More importantly, the negative implications of the dichotomy for anti-racist movements are such that “[t]he failure of anti-racism to interrogate patriarchy means that anti-racism will frequently reproduce the subordination of women”, as Kimberle Crenshaw has said. In addition to the sub-ordination of women, the singular politics of anti-racism sub-ordinates other Blacks on the basis of aspects such as sexuality and class.

Consequently this reproduction of various oppressions within anti-racist politics brings about pivotal moments and experiences that, for example, force Black women to confront the fact that they are indeed ‘Black women and not just Black’, or, for example, force Black lesbian women to confront the fact that they are ‘Black lesbian women and not just Black’ . The pivotal moments may be as ‘benign’ as being relegated to the duty of ‘ensuring accommodation and entertainment’ at political meetings or as violent as ‘corrective rape’ that is inflicted on Black women wrongly or rightly suspected of being lesbian.

In these ways Black women have had to come to appreciate the fact that the simultaneous experiences of sexist, racist and other oppressive experiences is symptomatic of Black feminist Patricia Hill Collins’ “Matrix of Domination” which famously described “interlocking systems of oppression”. As such, bell hooks can be seen to characterise this matrix in more precise terms as “white supremacist capitalist patriarchy”.

Thus the words of Black feminist Audre Lorde that “your silence will not protect you” seem to ring true as Black feminists within the Rhodes Must Fall movement who recognised the materiality of patriarchal oppression and intent on “claiming their space” within Black anti-racist movements have had to actively work to make Black men and the wider movement alive to their pain as women as Mbali Matandela noted:

“We began speaking up at meetings about what it means to be black women or LGTBQIA people in an institution that still celebrates misogyny and white supremacy symbolically with the statue of Cecil John Rhodes statue…The feminists said their pain, which at times is different to men’s pain, needs to be known. We asked for a meeting with the movement’s leaders and told them that before the movement became a powerful resistance to institutional racism, there needed to be healing within to be able find solidarity. This meeting enabled those that had been silenced to reconcile with the black males who had previously simplified or devalued women’s experiences.”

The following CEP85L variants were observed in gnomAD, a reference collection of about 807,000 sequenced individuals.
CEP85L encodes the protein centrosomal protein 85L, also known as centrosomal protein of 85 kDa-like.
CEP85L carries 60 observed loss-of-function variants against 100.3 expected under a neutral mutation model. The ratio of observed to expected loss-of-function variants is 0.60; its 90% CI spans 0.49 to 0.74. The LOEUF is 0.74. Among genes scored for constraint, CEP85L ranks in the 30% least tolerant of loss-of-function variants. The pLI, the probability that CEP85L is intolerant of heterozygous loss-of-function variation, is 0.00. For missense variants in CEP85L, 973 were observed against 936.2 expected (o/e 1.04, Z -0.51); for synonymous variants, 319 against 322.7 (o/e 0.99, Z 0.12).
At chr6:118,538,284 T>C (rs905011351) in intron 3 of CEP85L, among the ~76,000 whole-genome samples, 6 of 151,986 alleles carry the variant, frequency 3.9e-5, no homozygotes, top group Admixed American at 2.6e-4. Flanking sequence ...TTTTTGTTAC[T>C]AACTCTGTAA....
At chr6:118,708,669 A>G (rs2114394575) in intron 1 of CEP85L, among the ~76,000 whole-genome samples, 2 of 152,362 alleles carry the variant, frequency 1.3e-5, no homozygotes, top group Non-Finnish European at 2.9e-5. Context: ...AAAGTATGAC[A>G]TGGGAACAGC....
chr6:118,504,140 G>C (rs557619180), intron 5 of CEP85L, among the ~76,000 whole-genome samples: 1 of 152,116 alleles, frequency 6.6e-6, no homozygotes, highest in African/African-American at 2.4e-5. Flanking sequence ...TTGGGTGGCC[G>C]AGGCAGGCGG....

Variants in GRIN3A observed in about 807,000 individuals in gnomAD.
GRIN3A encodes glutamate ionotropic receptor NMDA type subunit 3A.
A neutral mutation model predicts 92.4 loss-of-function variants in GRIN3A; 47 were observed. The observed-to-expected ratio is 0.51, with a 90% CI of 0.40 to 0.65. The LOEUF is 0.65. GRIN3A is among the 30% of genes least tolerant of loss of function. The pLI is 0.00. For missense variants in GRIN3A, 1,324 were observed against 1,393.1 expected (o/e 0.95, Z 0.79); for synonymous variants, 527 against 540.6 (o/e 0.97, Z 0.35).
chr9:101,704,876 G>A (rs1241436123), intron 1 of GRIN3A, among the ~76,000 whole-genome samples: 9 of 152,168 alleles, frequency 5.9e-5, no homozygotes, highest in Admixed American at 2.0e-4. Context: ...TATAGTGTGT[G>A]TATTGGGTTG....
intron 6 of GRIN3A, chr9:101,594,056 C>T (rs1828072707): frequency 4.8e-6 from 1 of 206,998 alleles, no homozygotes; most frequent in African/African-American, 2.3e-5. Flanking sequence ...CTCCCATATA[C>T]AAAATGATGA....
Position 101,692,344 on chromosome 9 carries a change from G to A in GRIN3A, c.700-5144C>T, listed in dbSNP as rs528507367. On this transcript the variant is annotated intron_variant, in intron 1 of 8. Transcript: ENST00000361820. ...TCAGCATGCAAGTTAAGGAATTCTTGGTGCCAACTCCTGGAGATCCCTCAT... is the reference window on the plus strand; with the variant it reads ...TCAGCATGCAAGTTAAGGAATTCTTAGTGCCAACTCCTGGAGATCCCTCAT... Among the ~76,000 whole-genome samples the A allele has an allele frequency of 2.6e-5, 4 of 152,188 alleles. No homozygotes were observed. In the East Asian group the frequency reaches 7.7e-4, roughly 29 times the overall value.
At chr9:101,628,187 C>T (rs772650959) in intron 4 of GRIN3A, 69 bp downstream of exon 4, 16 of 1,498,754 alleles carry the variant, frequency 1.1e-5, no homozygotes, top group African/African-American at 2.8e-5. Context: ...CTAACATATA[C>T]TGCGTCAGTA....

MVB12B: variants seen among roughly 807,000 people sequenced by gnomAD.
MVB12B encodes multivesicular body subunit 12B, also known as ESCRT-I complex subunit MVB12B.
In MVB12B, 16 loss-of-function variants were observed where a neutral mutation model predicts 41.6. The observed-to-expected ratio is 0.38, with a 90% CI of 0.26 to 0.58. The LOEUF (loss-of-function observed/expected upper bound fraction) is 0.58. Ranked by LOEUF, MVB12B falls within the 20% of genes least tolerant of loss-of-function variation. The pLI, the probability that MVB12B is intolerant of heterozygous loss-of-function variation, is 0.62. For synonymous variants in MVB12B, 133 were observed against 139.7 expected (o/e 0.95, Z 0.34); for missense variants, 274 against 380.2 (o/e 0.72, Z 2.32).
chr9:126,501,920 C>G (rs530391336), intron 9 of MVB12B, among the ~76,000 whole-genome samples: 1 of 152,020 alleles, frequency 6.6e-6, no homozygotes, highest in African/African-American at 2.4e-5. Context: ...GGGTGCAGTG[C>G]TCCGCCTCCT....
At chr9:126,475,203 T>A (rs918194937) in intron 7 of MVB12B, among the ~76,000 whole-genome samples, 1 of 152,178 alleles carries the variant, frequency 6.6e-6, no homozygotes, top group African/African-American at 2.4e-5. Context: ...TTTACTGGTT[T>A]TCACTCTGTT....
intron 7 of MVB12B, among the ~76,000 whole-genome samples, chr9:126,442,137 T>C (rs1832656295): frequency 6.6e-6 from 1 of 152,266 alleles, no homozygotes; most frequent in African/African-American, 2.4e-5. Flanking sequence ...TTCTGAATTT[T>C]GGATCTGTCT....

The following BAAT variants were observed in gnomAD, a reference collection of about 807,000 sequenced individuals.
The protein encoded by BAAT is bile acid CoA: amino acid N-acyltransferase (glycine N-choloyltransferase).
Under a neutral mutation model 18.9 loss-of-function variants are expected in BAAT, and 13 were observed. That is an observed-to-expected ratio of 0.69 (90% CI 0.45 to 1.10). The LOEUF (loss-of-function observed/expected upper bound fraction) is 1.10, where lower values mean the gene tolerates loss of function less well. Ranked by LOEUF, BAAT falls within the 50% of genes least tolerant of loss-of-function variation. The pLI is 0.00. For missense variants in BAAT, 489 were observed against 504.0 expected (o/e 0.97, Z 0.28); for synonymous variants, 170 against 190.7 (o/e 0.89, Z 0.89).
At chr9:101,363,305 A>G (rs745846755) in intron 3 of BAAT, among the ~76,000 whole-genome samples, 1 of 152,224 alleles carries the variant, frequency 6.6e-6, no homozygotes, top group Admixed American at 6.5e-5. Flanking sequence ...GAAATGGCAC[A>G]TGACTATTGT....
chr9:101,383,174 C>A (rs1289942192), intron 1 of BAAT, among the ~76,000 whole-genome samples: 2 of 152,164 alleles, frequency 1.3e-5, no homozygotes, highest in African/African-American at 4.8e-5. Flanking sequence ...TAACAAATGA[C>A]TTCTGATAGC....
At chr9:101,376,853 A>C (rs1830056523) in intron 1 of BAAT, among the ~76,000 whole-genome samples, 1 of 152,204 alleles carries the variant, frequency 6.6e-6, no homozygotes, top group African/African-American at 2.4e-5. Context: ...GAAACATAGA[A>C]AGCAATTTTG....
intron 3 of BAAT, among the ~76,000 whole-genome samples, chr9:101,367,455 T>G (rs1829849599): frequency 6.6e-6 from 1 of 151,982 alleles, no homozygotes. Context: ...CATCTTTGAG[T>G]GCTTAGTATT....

Echoing this new Consciousness in Black politics, the students of University of the Witwatersrand’s Transform Wits movement  also define themselves according to this new understanding of intersectional Black subjectivities stating in their manifesto that“[w]e are an intersectional movement that centres the struggles of Black South Africans”.

In reading the statements from emergent Black student movements, it is clear that this political moment is embodied by a new ‘coalition’ or ‘collective’ style politics that recognises the diverse nature of Black experiences and thus characterises their struggle as one against the interlocking oppressions of “white supremacist capitalist patriarchy” as opposed to the singular oppression of white supremacy. Importantly, this is an intersectional politics that has the potential to end the reproductions of patriarchy, homophobia, classism and other oppressions within Black anti-racist politics before and after “the revolution has come”.

Before concluding, it must be noted that the students are not the first to theorise versions of intersectionality within South African anti-racist politics. For example, in the same 1984 essay Phyllis Ntantala spoke to the “threefold oppression” of black women, saying “it is high time we had the courage to grasp the nettle and subject all these [oppressions] to criticism”. However, the manner in which this new political movement foregrounds intersectional feminist politics beyond glib commitments to ‘non-discrimination’ such as ‘non-racism’ and ‘non-sexism’ is new.

The politics of this generation of youth is  decidely different as they recognise Intersectional Consciousness of multiple Black experiences and organise on that basis. While it remains to be seen whether these manifestos will merely remain statements of intent or the movements will jn fact deliver on their promises, that Black intersectional feminist futures are being actively imagined and created remains cause for celebration this June as we commemorate 29 years since Soweto Uprisings, arguably the apex of the Black Consciousness Movement student organising.

Indeed, this new intersectional moment is captured in a placard created by LGBTQIA activist Sivu Siwisa for the Rhodes Must Fall protests that triumphantly reads, “Dear history, this revolution has women, gays, queers and trans. Remember that.”

We hope you enjoy our content offering this June.

Your in intersectional fierceness,

Panashe